Here is a list of useful trip planning tools for Olympic National Park, Washington.
Olympic National Park Coronovirus Update
Many of the Olympic Park’s facilities opened on May 29, 2020. Please check for updates on COVID-19 before you go to avoid disappointment.
Olympic National Park closures
Olympic National Park is open all year, but many facilities are seasonal. Plan before you go to avoid disappointment or long delays. Always check for road closures and conditions in the park. Some of the visitor centres are closed in the winter months.
Trip Planning Tools for Olympic National Park
Park mileage charts
This handy chart will provide mileage and driving times around Olympic National park. Gas stations are scarce within the park, so plan wisely by watching the fuel gauge.
Wildlife safety tips
Who isn’t excited about spotting wildlife in their natural environment? Always keep a safe distance (at least half a football field) away from animals. It can be tempting to get closer or try to take a selfie with your great find, but DO NOT ATTEMPT THIS.
- Animals are unpredictable and can be dangerous if they feel threatened or cornered. This is their home.
- Do not feed or leave food out for animals. Human food is harmful to them.
- View these guidelines about wildlife safety tips.
- Report encounters with bear, cougars and mountain goats.
- Avoid bats. A small percentage carry rabies. If bitten, seek help immediately.
- There are no poisonous snakes in the park.
- In warmer weather, use insect repellent to avoid being bitten by mosquitoes, black flies and other annoying insects.
Wilderness survival tips
Check the wilderness basics guide to make sure you are prepared with the minimum requirements, such as dressing appropriately for wilderness exploration and wearing sturdy, comfortable waterproof shoes. Also check this guide of essential wilderness safety tips to help prepare for your adventure to the park.
Don’t get stranded on a beach, island or rocky shore when tides come in and make your route impassible. Oceans are beautiful, but can become dangerous if proper planning is not done in advance. Keep safe. Always check the tide chart.
Olympic National Park hiking trails
There are numerous hiking trails in Olympic National Park. Day hikes are offered in a variety of lengths and difficulty levels. There are pet restrictions on many of the Olympic National Park hiking trails and beaches. Do not drink water from streams. Water must be boiled or filtered. Iodine tablets do not kill the bacteria in these waters.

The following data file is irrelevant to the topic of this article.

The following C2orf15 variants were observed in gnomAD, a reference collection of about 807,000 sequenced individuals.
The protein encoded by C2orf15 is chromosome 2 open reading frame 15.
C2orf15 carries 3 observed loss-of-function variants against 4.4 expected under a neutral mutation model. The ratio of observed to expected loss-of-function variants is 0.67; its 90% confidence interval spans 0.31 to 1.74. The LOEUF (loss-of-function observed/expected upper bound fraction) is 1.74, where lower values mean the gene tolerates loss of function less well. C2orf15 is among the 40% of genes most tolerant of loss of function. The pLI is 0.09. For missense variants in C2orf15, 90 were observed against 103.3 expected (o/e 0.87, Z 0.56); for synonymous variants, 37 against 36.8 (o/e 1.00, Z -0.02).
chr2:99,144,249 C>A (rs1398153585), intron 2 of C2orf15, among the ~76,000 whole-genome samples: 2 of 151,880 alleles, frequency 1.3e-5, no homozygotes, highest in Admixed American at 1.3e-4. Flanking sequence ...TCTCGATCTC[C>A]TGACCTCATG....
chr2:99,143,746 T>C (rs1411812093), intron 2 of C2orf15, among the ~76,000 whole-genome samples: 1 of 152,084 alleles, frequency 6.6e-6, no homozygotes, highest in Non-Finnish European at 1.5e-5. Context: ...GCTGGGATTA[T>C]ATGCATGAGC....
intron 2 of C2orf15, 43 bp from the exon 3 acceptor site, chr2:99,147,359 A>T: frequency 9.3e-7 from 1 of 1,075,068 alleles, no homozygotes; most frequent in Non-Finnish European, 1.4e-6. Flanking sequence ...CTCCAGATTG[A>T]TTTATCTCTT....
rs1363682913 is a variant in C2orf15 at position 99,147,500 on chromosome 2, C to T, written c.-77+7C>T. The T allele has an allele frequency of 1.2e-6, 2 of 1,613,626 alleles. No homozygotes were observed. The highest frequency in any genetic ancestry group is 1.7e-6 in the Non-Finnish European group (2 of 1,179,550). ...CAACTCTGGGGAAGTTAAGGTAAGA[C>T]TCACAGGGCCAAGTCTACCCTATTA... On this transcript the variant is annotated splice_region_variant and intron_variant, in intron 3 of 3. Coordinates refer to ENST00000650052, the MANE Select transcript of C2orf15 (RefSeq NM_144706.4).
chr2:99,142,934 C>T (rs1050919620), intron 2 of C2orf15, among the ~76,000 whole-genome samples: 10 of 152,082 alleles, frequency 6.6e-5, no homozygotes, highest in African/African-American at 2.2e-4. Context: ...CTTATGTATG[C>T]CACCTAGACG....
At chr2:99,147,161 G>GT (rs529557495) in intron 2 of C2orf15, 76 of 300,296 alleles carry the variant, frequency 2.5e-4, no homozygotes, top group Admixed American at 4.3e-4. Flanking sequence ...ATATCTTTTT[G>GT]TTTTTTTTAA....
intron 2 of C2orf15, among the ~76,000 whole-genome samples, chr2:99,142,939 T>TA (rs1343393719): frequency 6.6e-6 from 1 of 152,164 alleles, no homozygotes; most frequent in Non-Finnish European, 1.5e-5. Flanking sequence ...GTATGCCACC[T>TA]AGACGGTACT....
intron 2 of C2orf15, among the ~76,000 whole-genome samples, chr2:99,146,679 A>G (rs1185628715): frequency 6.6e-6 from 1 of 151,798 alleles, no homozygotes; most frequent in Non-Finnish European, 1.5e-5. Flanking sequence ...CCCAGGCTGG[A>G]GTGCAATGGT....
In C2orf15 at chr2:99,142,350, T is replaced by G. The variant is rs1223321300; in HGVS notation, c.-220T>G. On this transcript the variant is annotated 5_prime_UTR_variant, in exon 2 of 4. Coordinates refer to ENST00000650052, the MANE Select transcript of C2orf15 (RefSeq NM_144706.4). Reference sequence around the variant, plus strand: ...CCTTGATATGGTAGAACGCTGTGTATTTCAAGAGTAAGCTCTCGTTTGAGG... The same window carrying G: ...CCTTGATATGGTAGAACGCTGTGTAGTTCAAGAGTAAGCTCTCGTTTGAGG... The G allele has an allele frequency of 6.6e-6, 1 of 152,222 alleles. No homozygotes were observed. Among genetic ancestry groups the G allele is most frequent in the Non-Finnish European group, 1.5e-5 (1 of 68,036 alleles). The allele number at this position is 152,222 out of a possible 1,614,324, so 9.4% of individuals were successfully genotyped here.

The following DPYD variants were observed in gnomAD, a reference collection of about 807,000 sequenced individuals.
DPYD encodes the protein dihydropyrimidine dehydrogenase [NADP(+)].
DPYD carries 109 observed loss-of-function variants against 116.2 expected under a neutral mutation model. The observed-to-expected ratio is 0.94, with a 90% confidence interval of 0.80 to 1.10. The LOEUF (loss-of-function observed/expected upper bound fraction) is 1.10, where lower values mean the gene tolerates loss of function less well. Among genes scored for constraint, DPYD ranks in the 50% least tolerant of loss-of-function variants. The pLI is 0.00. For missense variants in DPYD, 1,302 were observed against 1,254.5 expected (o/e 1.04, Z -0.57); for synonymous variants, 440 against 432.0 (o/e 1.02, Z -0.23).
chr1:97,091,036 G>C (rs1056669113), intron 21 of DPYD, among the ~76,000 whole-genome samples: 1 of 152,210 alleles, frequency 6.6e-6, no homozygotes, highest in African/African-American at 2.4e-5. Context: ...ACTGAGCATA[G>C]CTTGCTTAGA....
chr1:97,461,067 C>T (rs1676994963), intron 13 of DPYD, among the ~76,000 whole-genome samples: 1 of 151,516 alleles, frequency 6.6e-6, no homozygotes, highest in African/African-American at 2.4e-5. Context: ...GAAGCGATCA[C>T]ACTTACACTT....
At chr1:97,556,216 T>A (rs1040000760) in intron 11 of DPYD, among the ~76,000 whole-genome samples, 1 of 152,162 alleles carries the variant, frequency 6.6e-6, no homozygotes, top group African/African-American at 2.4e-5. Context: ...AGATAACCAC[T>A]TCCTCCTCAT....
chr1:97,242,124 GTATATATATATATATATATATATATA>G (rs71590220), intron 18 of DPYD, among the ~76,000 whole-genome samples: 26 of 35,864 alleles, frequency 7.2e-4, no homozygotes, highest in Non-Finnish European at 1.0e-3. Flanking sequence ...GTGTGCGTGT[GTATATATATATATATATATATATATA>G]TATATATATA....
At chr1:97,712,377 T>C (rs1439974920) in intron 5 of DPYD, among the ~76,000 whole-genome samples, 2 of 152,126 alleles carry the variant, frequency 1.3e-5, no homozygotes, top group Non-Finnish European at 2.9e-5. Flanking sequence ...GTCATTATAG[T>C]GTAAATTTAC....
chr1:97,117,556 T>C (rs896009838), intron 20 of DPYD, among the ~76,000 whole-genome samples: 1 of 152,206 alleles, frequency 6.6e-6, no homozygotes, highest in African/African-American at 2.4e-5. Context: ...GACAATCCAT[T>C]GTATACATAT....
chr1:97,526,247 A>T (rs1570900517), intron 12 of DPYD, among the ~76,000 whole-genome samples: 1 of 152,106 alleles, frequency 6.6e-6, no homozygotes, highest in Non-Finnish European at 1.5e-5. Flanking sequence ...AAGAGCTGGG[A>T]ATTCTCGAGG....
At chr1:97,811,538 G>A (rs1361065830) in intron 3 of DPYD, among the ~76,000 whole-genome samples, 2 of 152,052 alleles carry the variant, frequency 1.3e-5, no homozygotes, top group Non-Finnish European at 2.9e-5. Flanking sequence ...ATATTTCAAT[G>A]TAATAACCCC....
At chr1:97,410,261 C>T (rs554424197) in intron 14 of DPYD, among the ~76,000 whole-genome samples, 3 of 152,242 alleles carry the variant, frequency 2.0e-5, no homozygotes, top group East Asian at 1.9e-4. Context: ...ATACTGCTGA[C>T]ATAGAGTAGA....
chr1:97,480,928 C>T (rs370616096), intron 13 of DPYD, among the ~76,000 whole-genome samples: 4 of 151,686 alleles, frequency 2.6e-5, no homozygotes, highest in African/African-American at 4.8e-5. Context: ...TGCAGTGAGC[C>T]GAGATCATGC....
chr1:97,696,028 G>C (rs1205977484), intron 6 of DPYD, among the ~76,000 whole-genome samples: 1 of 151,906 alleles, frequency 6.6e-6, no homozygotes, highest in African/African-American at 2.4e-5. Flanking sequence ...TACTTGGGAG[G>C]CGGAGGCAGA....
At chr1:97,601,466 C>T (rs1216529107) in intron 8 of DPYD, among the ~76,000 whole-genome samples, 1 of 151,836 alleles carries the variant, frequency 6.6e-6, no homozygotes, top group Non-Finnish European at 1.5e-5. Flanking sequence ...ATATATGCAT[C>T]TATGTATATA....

- Check trail conditions.
- List of day hikes and accessible Olympic Park hiking trails.
- How to prepare for your hike.
Where to see the largest trees
The Valley of the Rainforest Giants is found in the Quinault Rainforest. Download a map.
Trip Planning Tools Olympic National Park Ferry schedules
If you plan to take a ferry, check to see if your route needs a reservation. We didn’t and it added extra travel time to the start and end of our journey. To make life easier, be sure to make an online account with each ferry provider before you start the process.
- Black Ball Ferry Service to and from Victoria, BC to Port Angeles, Washington. The Canada/US border remains closed due to COVID-19 restrictions.
- BC Ferries run from Vancouver to Vancouver Island.
- Washington State Ferry Service runs from Seattle and from Whidbey Island to the Olympic Peninsula.
Olympic National Park Camping
- Olympic National Park camping reservations are required at Kalaloch and Sol Duc. Camping fees range from $15 – $47. Reserve. Search for campsite.
- Wilderness camping fees are $8 per person. Find out more.
- Permits are needed and reservations are needed for quota restricted area. Find a wilderness campsite.
- Find out more about wilderness trip planning.
- More than 50,000 people camp in the park each year.
Olympic National Park Lodging
There are wonderful historic hotels, motels and rustic cabins. Olympic National Park lodging books up quickly for the busy summer months.